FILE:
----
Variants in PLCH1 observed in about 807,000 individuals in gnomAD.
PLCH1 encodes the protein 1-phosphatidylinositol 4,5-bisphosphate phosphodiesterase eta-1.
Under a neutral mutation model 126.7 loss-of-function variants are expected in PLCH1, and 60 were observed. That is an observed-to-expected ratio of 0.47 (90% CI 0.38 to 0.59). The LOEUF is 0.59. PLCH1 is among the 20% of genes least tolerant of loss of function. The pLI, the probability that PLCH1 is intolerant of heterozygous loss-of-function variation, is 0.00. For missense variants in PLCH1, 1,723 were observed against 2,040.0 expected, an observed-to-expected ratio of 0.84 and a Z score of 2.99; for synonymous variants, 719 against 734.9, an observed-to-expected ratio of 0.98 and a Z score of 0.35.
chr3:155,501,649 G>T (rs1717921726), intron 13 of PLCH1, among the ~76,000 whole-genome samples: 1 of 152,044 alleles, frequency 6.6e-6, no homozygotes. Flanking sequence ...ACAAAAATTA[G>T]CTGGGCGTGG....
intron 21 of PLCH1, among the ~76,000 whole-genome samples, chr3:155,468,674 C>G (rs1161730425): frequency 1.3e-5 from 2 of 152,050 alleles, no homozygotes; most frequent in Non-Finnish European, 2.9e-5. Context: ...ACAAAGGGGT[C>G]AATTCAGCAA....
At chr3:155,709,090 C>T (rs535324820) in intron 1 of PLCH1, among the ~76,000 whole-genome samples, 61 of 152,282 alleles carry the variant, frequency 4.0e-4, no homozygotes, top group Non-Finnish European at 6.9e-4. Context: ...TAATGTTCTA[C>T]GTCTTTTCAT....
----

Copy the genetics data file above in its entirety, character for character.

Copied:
Variants in PLCH1 observed in about 807,000 individuals in gnomAD.
PLCH1 encodes the protein 1-phosphatidylinositol 4,5-bisphosphate phosphodiesterase eta-1.
Under a neutral mutation model 126.7 loss-of-function variants are expected in PLCH1, and 60 were observed. That is an observed-to-expected ratio of 0.47 (90% CI 0.38 to 0.59). The LOEUF is 0.59. PLCH1 is among the 20% of genes least tolerant of loss of function. The pLI, the probability that PLCH1 is intolerant of heterozygous loss-of-function variation, is 0.00. For missense variants in PLCH1, 1,723 were observed against 2,040.0 expected, an observed-to-expected ratio of 0.84 and a Z score of 2.99; for synonymous variants, 719 against 734.9, an observed-to-expected ratio of 0.98 and a Z score of 0.35.
chr3:155,501,649 G>T (rs1717921726), intron 13 of PLCH1, among the ~76,000 whole-genome samples: 1 of 152,044 alleles, frequency 6.6e-6, no homozygotes. Flanking sequence ...ACAAAAATTA[G>T]CTGGGCGTGG....
intron 21 of PLCH1, among the ~76,000 whole-genome samples, chr3:155,468,674 C>G (rs1161730425): frequency 1.3e-5 from 2 of 152,050 alleles, no homozygotes; most frequent in Non-Finnish European, 2.9e-5. Context: ...ACAAAGGGGT[C>G]AATTCAGCAA....
At chr3:155,709,090 C>T (rs535324820) in intron 1 of PLCH1, among the ~76,000 whole-genome samples, 61 of 152,282 alleles carry the variant, frequency 4.0e-4, no homozygotes, top group Non-Finnish European at 6.9e-4. Context: ...TAATGTTCTA[C>T]GTCTTTTCAT....